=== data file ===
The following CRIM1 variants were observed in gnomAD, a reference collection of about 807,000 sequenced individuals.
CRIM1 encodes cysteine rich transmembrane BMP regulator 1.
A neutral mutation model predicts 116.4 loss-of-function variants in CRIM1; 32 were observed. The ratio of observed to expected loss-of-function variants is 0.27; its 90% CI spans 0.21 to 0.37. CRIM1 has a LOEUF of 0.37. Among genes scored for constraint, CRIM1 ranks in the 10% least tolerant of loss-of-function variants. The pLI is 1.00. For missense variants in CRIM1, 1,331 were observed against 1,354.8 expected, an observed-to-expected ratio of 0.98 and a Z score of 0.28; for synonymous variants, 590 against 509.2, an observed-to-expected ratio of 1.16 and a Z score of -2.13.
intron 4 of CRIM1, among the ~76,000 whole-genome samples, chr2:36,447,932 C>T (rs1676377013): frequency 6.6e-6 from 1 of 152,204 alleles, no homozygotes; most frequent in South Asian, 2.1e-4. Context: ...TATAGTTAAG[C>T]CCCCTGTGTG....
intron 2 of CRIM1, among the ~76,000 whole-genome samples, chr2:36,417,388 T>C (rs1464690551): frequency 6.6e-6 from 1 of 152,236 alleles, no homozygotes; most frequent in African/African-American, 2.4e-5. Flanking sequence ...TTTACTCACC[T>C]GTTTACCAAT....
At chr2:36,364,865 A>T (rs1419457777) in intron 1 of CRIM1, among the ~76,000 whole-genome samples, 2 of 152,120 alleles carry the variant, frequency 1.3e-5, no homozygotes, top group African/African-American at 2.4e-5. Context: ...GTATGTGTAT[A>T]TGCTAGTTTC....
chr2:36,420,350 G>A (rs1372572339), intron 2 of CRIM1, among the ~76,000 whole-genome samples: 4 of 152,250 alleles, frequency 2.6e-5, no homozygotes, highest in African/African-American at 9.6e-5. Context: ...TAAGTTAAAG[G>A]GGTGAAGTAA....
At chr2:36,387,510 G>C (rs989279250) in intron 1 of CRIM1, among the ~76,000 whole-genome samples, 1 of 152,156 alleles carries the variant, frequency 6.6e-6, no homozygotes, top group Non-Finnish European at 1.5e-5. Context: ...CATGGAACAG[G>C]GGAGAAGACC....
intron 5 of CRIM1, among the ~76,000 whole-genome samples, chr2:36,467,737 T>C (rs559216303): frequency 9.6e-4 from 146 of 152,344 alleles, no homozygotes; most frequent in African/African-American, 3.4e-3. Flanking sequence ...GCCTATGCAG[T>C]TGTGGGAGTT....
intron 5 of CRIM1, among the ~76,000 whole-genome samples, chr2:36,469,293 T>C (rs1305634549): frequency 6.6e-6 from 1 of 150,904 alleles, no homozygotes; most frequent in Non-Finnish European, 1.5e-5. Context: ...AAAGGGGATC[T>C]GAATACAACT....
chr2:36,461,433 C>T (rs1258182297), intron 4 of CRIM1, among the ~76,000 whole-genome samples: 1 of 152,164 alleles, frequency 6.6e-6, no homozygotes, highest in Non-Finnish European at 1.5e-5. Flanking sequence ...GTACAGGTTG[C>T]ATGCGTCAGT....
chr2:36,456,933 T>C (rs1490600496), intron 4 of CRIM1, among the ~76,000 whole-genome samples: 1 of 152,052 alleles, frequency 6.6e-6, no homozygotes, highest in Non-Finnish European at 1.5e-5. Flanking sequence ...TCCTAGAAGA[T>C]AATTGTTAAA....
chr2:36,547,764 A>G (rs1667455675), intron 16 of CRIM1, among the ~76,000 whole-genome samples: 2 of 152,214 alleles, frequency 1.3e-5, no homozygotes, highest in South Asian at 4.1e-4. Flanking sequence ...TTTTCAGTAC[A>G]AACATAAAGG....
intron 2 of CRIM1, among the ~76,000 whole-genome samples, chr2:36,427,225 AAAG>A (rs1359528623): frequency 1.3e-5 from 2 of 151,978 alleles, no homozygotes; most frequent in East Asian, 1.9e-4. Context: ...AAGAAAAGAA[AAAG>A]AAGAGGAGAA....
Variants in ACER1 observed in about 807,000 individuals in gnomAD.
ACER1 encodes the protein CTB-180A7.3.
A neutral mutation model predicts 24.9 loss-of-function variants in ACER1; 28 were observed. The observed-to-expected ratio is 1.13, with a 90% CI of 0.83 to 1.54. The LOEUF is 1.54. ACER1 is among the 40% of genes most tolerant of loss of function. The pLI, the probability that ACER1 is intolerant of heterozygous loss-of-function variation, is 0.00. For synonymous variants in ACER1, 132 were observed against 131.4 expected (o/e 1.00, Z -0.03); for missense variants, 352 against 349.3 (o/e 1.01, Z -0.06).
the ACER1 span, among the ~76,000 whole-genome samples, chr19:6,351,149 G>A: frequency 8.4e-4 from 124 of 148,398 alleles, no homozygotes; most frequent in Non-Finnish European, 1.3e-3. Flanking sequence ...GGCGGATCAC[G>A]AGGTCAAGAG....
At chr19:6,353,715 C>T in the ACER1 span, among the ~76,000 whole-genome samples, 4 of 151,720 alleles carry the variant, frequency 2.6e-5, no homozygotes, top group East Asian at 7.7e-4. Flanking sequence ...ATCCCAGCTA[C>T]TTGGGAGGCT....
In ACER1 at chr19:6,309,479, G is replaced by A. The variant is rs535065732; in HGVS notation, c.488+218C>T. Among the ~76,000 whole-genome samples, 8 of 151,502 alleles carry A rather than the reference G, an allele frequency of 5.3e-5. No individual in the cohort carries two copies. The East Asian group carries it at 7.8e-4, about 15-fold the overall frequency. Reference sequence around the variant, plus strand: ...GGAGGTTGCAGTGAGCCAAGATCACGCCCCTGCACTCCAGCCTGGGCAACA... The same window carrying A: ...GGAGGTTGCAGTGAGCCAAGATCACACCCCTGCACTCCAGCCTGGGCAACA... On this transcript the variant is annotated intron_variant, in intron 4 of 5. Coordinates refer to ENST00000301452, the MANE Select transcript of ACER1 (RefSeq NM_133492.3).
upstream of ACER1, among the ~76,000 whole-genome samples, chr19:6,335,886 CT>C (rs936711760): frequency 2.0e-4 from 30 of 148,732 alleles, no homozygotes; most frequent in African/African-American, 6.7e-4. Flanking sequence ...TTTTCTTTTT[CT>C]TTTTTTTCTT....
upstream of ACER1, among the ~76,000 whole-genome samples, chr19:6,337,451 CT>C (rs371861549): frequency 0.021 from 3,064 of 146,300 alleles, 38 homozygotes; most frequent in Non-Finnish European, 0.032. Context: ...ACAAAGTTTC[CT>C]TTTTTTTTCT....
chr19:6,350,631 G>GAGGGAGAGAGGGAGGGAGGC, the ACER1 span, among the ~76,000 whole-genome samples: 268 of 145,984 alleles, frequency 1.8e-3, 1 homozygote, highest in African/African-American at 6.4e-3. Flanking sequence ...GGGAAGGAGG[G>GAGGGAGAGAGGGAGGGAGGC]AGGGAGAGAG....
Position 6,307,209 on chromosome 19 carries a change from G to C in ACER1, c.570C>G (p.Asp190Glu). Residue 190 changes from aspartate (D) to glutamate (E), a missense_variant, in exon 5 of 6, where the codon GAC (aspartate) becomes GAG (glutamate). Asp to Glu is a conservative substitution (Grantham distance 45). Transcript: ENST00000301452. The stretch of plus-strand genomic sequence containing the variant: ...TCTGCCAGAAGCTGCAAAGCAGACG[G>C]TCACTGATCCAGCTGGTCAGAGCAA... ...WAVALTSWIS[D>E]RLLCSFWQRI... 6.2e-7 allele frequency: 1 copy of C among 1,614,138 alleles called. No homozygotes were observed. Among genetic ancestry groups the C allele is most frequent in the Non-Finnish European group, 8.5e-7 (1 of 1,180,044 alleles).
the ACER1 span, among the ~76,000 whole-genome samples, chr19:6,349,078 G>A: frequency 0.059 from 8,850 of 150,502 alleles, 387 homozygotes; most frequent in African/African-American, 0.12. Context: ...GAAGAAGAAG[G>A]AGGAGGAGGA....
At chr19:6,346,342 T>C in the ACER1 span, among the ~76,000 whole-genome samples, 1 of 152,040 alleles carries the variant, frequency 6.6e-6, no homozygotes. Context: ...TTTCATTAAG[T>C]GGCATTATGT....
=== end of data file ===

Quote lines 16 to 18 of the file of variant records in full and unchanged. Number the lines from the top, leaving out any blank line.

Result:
ACER1 encodes the protein CTB-180A7.3.
A neutral mutation model predicts 24.9 loss-of-function variants in ACER1; 28 were observed. The observed-to-expected ratio is 1.13, with a 90% CI of 0.83 to 1.54. The LOEUF is 1.54. ACER1 is among the 40% of genes most tolerant of loss of function. The pLI, the probability that ACER1 is intolerant of heterozygous loss-of-function variation, is 0.00. For synonymous variants in ACER1, 132 were observed against 131.4 expected (o/e 1.00, Z -0.03); for missense variants, 352 against 349.3 (o/e 1.01, Z -0.06).
the ACER1 span, among the ~76,000 whole-genome samples, chr19:6,351,149 G>A: frequency 8.4e-4 from 124 of 148,398 alleles, no homozygotes; most frequent in Non-Finnish European, 1.3e-3. Flanking sequence ...GGCGGATCAC[G>A]AGGTCAAGAG....